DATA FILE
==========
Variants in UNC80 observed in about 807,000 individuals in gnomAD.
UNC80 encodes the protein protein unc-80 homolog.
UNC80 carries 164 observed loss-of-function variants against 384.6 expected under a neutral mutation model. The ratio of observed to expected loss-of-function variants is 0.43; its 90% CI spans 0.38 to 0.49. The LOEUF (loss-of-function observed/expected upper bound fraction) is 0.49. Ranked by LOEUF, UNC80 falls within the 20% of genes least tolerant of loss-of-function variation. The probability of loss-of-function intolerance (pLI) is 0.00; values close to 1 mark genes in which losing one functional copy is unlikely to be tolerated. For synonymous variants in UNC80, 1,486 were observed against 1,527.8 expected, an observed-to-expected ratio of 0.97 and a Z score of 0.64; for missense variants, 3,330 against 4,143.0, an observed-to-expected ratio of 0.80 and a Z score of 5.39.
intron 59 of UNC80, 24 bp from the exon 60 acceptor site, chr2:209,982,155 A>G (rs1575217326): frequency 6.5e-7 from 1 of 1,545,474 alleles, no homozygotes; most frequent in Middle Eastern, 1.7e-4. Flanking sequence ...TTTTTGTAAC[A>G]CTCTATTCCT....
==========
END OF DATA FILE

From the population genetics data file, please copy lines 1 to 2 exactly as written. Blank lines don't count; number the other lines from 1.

Variants in UNC80 observed in about 807,000 individuals in gnomAD.
UNC80 encodes the protein protein unc-80 homolog.